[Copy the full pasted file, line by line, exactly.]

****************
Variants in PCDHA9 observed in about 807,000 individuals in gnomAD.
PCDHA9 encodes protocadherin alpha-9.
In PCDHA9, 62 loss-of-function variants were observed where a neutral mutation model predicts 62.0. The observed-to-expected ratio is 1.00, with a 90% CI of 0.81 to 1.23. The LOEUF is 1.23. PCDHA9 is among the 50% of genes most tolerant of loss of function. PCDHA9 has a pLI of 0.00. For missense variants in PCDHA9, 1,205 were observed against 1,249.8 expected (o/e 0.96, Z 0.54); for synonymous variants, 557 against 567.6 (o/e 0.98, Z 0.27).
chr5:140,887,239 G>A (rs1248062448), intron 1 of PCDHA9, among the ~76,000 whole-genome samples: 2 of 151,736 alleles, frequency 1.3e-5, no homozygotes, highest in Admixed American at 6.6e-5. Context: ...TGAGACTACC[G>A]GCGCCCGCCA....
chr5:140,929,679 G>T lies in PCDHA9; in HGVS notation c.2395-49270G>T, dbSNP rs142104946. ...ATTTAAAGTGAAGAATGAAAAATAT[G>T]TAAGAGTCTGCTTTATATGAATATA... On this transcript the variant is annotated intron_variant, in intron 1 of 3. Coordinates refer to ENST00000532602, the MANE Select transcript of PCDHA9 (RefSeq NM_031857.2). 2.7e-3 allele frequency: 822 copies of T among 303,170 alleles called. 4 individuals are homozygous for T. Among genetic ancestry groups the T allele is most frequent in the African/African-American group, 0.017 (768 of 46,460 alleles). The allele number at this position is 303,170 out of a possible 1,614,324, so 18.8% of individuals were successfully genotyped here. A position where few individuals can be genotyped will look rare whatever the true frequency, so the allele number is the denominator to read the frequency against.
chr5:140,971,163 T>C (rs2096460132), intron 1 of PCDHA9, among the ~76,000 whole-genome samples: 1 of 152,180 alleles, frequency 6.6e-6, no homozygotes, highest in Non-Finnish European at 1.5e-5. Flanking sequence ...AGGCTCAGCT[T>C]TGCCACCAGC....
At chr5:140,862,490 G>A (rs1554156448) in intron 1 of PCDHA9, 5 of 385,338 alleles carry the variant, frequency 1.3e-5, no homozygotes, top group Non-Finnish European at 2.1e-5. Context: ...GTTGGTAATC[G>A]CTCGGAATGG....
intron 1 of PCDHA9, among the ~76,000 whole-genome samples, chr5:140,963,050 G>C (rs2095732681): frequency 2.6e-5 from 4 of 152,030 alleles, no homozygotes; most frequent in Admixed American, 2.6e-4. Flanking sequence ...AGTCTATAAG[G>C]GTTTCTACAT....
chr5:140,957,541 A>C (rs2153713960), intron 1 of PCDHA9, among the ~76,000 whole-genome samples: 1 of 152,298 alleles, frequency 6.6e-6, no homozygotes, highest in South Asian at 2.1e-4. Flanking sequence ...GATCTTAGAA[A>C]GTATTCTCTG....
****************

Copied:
Variants in PCDHA9 observed in about 807,000 individuals in gnomAD.
PCDHA9 encodes protocadherin alpha-9.
In PCDHA9, 62 loss-of-function variants were observed where a neutral mutation model predicts 62.0. The observed-to-expected ratio is 1.00, with a 90% CI of 0.81 to 1.23. The LOEUF is 1.23. PCDHA9 is among the 50% of genes most tolerant of loss of function. PCDHA9 has a pLI of 0.00. For missense variants in PCDHA9, 1,205 were observed against 1,249.8 expected (o/e 0.96, Z 0.54); for synonymous variants, 557 against 567.6 (o/e 0.98, Z 0.27).
chr5:140,887,239 G>A (rs1248062448), intron 1 of PCDHA9, among the ~76,000 whole-genome samples: 2 of 151,736 alleles, frequency 1.3e-5, no homozygotes, highest in Admixed American at 6.6e-5. Context: ...TGAGACTACC[G>A]GCGCCCGCCA....
chr5:140,929,679 G>T lies in PCDHA9; in HGVS notation c.2395-49270G>T, dbSNP rs142104946. ...ATTTAAAGTGAAGAATGAAAAATAT[G>T]TAAGAGTCTGCTTTATATGAATATA... On this transcript the variant is annotated intron_variant, in intron 1 of 3. Coordinates refer to ENST00000532602, the MANE Select transcript of PCDHA9 (RefSeq NM_031857.2). 2.7e-3 allele frequency: 822 copies of T among 303,170 alleles called. 4 individuals are homozygous for T. Among genetic ancestry groups the T allele is most frequent in the African/African-American group, 0.017 (768 of 46,460 alleles). The allele number at this position is 303,170 out of a possible 1,614,324, so 18.8% of individuals were successfully genotyped here. A position where few individuals can be genotyped will look rare whatever the true frequency, so the allele number is the denominator to read the frequency against.
chr5:140,971,163 T>C (rs2096460132), intron 1 of PCDHA9, among the ~76,000 whole-genome samples: 1 of 152,180 alleles, frequency 6.6e-6, no homozygotes, highest in Non-Finnish European at 1.5e-5. Flanking sequence ...AGGCTCAGCT[T>C]TGCCACCAGC....
At chr5:140,862,490 G>A (rs1554156448) in intron 1 of PCDHA9, 5 of 385,338 alleles carry the variant, frequency 1.3e-5, no homozygotes, top group Non-Finnish European at 2.1e-5. Context: ...GTTGGTAATC[G>A]CTCGGAATGG....
intron 1 of PCDHA9, among the ~76,000 whole-genome samples, chr5:140,963,050 G>C (rs2095732681): frequency 2.6e-5 from 4 of 152,030 alleles, no homozygotes; most frequent in Admixed American, 2.6e-4. Flanking sequence ...AGTCTATAAG[G>C]GTTTCTACAT....
chr5:140,957,541 A>C (rs2153713960), intron 1 of PCDHA9, among the ~76,000 whole-genome samples: 1 of 152,298 alleles, frequency 6.6e-6, no homozygotes, highest in South Asian at 2.1e-4. Flanking sequence ...GATCTTAGAA[A>C]GTATTCTCTG....